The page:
The station was opened in 1849 by the Compagnie du Chemin de Fer de Paris à Strasbourg, and an official inauguration with President Louis Napoléon Bonaparte took place the following year.Riding the Bosfor Ekspresi
On 4 October 1883, the first run of the Orient Express departed this station for İstanbul.Arriving at Sirkeçi
These days various "Orient Express" luxury trains traverse western Europe, venturing nowhere near the original line. Today you want to travel east from Paris to Bucharest to connect to the Bosfor Ekspresi and thereby travel by train from western Europe to İstanbul's Sirkeçi Station, where the Golden Horn opens into the Bosphorus.By train from Warsaw to Moscow
Today Gare de l'Est is the terminus of the EuroNight train running east via Hannover, Berlin, Warsaw, Brest, and Minsk to Moscow.Electricity in France
The Gare de l'Est lines have 25 kV 50 Hz overhead electrical power. Many Americans believe that France does not have electrical power outside a few major cities.
I soon found even more local petrol stations.
Place de la Bataille-de-Stalingrad
This square commemorates the Russian city where the Soviet Army won a decisive victory over Germany between September 19, 1942, and February 2, 1943.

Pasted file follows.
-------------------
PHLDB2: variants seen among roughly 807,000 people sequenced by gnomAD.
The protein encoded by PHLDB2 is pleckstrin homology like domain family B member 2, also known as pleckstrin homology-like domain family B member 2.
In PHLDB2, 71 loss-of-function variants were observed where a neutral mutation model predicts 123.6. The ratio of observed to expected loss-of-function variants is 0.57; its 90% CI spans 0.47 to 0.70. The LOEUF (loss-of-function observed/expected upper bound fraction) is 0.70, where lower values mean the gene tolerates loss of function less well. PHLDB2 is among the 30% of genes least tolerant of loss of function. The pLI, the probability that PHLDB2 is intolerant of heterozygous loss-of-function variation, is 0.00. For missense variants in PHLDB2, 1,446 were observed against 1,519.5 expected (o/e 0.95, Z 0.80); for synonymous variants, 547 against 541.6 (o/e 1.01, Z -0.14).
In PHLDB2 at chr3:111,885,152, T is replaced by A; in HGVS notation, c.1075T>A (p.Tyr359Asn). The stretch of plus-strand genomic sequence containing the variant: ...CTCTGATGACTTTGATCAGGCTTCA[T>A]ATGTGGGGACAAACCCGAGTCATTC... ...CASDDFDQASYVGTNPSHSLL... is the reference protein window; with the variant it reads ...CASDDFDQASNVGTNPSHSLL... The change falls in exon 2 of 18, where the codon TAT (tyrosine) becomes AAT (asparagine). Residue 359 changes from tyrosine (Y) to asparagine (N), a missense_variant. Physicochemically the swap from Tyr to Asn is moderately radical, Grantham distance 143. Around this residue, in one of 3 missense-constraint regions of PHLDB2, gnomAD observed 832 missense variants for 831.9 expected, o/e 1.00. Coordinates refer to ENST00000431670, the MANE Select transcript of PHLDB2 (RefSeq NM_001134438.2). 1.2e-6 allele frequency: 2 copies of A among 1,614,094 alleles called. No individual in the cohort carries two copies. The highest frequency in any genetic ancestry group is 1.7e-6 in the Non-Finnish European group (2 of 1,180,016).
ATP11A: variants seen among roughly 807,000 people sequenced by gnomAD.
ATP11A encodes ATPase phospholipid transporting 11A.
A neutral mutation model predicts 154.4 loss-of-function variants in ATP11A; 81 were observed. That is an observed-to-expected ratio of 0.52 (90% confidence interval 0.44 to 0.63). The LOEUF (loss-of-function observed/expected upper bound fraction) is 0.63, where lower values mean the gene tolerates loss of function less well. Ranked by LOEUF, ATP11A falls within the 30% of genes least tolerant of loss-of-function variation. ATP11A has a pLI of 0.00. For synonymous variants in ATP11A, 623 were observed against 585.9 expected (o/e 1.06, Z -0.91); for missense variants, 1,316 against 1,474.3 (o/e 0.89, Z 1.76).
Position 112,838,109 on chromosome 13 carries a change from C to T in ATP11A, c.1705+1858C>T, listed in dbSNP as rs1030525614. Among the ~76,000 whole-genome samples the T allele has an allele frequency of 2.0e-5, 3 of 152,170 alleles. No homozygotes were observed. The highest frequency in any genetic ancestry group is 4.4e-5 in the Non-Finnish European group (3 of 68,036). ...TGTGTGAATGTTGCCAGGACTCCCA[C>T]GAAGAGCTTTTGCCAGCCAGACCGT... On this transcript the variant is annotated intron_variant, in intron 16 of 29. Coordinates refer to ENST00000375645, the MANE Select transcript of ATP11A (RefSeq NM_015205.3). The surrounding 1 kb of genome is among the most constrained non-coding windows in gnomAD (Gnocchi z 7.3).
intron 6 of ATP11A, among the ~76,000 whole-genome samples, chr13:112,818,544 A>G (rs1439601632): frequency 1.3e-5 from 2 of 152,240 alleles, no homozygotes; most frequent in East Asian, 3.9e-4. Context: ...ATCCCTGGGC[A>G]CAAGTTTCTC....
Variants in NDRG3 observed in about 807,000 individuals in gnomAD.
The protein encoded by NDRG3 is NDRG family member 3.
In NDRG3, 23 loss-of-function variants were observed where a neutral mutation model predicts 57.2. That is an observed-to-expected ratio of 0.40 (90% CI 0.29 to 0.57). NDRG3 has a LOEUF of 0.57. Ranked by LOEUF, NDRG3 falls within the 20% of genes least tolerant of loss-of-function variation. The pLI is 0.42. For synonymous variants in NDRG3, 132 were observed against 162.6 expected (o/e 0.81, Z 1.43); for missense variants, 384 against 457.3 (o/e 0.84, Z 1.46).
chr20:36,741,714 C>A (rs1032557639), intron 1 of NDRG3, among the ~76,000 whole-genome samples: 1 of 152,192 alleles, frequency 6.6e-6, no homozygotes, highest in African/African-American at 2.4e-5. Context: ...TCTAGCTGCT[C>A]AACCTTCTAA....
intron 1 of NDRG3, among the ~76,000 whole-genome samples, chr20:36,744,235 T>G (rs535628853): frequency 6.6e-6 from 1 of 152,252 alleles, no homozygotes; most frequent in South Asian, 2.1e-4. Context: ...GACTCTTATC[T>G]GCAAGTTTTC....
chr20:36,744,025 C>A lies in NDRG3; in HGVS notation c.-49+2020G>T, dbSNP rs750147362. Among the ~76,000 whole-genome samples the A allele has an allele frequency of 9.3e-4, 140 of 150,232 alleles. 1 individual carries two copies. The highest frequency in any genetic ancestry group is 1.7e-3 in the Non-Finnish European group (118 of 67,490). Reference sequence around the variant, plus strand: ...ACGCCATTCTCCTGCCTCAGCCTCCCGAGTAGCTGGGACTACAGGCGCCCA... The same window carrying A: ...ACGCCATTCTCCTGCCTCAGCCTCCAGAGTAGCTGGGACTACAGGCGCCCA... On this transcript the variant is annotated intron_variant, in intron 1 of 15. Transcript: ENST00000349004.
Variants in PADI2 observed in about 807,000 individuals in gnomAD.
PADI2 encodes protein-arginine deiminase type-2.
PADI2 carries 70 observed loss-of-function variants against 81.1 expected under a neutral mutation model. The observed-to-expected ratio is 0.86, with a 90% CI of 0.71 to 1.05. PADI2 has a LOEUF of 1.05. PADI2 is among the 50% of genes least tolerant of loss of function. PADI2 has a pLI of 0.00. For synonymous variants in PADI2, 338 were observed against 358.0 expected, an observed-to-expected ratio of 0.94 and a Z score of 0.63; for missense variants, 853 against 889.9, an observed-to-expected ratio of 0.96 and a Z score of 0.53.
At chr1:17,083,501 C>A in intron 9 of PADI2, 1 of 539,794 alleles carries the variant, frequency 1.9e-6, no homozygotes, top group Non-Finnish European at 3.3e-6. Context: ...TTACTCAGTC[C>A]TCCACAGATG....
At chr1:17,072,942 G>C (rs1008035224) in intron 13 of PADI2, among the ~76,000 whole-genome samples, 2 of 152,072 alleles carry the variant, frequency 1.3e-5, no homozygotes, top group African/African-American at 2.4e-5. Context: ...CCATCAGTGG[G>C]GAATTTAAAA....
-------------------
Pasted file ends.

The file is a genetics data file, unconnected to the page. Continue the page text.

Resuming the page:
The Rotonde de la Villette is one of the few former toll-collection pavilions left from the wall. The opulent design of the toll-collection pavilions made the scheme even less popular.
The area has become notorious since the late 1980s as a place to buy, sell, and use drugs, especially crack cocaine. Stay clear of les maudous, the mostly West African crack dealers.
The Battle of Stalingrad memorial is on the south edge of Bassin de La Villette. This is part of the 130-kilometer network of Paris canals.French canal
The largest component is the 108.1 kilometer Canal de l'Ourcq, which splits from the Ourcq river near the village of Tresnes and brings fresh water to Paris. The Canal Saint-Denis is about 17.4 kilometers long. Then, continuing south from La Villette is the Canal Saint-Martin.Paris Sewers